KANSAS CITY, MO. – The Occupational Safety and Health Administration (OSHA) announced a new emergency temporary standard (ETS) requiring covered employers to develop, implement and enforce a mandatory COVID-19 vaccination policy, unless they adopt a policy requiring employees to choose to either be vaccinated or undergo regular COVID-19 testing and wear a face covering at work. The deadline is Jan. 4. The rule goes into force once its' published in the Federal Register.

Covered employers include those with 100 or more employees – firm or company-wide, OSHA said. The ETS also requires employers to provide paid time to workers to get vaccinated and to allow for paid leave to recover from any side effects.

The ETS also requires employers to:

  • Determine the vaccination status of each employee, obtain acceptable proof of vaccination status from vaccinated employees and maintain records and a roster of each employee’s vaccination status.
  • Require employees to provide prompt notice when they test positive for COVID-19 or receive a COVID-19 diagnosis. Employers must then remove the employee from the workplace, regardless of vaccination status; employers must not allow them to return to work until they meet required criteria.
  • Ensure each worker who is not fully vaccinated is tested for COVID-19 at least weekly (if the worker is in the workplace at least once a week) or within 7 days before returning to work (if the worker is away from the workplace for a week or longer).
  • Ensure that, in most circumstances, each employee who has not been fully vaccinated wears a face covering when indoors or when occupying a vehicle with another person for work purposes.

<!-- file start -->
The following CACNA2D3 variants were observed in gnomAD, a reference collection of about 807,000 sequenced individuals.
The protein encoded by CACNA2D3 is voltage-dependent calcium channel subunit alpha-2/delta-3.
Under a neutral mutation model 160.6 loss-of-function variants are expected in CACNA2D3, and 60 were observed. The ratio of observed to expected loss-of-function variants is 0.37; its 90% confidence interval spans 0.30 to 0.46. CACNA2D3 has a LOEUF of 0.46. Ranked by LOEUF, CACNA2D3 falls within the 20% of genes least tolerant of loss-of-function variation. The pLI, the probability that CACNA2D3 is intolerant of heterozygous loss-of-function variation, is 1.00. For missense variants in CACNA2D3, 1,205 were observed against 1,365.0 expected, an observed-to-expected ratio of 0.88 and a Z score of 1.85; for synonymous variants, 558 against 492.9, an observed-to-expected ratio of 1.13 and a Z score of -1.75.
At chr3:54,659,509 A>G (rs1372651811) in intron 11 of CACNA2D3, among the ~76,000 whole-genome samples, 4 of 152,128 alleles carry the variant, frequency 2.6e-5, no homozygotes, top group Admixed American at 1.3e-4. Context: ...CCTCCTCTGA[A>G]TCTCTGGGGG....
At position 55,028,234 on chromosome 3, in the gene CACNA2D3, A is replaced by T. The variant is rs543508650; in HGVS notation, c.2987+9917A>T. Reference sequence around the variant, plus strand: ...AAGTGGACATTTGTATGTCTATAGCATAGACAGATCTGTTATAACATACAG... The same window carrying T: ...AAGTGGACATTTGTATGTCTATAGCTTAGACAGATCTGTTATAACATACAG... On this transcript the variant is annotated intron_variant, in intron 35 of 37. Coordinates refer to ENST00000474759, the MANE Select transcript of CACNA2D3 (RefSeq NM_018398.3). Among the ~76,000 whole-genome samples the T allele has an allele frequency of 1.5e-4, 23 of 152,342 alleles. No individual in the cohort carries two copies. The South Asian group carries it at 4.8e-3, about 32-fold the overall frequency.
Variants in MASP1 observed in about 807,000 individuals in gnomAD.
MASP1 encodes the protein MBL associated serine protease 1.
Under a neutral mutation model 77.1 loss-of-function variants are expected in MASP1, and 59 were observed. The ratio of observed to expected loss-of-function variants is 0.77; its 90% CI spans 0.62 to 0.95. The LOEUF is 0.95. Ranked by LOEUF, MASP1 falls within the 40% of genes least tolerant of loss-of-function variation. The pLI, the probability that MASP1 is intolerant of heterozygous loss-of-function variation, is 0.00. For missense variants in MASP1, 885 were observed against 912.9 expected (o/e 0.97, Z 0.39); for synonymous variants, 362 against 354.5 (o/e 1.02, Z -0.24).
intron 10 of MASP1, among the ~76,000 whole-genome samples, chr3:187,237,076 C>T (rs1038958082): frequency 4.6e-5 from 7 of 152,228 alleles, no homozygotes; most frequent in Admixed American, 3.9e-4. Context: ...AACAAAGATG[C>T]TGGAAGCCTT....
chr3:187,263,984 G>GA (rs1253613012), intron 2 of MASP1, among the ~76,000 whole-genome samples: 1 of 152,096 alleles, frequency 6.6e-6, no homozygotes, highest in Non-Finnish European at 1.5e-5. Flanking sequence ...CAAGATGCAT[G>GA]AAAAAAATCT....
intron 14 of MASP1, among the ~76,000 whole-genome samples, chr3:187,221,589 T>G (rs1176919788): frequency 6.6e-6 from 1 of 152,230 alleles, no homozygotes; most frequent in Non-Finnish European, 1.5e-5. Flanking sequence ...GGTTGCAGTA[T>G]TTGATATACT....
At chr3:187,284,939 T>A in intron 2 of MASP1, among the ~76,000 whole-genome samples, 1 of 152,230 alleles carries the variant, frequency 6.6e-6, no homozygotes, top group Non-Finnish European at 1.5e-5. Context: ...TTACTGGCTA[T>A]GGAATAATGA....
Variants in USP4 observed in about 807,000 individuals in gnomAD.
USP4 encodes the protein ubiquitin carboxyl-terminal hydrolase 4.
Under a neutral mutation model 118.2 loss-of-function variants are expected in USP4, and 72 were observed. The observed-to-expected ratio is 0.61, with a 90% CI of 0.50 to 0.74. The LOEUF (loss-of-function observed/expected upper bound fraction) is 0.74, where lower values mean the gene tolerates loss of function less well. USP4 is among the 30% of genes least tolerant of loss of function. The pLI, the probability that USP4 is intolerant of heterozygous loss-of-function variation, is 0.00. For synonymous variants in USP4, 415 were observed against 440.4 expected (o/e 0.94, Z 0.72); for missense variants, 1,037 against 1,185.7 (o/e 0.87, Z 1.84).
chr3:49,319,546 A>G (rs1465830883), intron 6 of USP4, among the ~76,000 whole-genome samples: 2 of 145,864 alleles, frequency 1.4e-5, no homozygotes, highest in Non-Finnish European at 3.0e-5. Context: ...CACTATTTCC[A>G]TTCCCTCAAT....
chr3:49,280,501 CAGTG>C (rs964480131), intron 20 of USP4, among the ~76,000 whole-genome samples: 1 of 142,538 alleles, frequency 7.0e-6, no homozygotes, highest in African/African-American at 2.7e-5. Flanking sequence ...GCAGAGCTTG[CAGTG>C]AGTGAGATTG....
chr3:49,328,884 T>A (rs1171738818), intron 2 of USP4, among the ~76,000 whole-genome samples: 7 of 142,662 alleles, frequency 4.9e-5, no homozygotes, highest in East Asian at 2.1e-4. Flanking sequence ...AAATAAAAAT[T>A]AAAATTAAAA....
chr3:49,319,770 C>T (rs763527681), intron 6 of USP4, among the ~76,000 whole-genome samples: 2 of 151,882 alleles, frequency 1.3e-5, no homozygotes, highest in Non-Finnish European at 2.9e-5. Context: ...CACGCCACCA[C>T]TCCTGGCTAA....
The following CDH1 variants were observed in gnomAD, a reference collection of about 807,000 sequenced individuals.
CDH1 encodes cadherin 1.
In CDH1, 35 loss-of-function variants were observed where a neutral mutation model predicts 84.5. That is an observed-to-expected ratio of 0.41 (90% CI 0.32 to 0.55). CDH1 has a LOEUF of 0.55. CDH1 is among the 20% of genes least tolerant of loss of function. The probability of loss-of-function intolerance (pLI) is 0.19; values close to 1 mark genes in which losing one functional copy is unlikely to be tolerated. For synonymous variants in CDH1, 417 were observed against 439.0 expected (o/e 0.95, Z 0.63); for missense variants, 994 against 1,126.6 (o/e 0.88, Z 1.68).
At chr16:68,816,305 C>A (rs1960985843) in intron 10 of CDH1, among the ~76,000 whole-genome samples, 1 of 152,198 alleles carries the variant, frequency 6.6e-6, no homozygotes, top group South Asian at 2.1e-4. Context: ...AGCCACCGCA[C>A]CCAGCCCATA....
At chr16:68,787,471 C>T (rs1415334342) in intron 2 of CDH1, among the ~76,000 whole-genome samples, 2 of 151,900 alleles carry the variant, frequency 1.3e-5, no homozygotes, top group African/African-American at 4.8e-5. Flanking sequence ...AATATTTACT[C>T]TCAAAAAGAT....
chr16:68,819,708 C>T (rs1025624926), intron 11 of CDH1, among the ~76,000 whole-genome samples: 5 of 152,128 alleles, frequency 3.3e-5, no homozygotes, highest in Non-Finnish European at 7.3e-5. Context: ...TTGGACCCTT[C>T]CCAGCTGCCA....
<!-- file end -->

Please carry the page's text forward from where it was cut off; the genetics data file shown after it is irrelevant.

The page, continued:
“Employers may be required to pay for testing to comply with other laws, regulations, collective bargaining agreements, or other collectively negotiated agreements,” OSHA said. “Employers are also not required to pay for face coverings.”

The ETS provides options for compliance, and OSHA is offering compliance assistance to help businesses implement the standard, including a webinar, frequently asked questions and other compliance materials. The ETS does not require employers to pay for testing.

“COVID-19 has had a devastating impact on workers, and we continue to see dangerous levels of cases,” said US Labor Secretary Marty Walsh. “We must take action to implement this emergency temporary standard to contain the virus and protect people in the workplace against the grave danger of COVID-19. Many businesses understand the benefits of having their workers vaccinated against COVID-19, and we expect many will be pleased to see this OSHA rule go into effect.”

Stuart Appelbaum, president of the Retail, Wholesale and Department Store Union (RWDSU), which represents essential and frontline workers in grocery, pharmacy, retail, food service, food processing, distribution, building services, warehousing, nursing homes, non-profit at facilities across the United States, applauded the agency’s action.

“The new ETS announced today will go a long way to protect our members from contracting COVID-19. Too many essential and frontline workers’ lives continue to be on the line in this pandemic and having a standard to protect workers across the board is critical,” Appelbaum said. “The science shows the greatest protection against severe illness and death to COVID-19 workers can take for themselves and their families is to get vaccinated.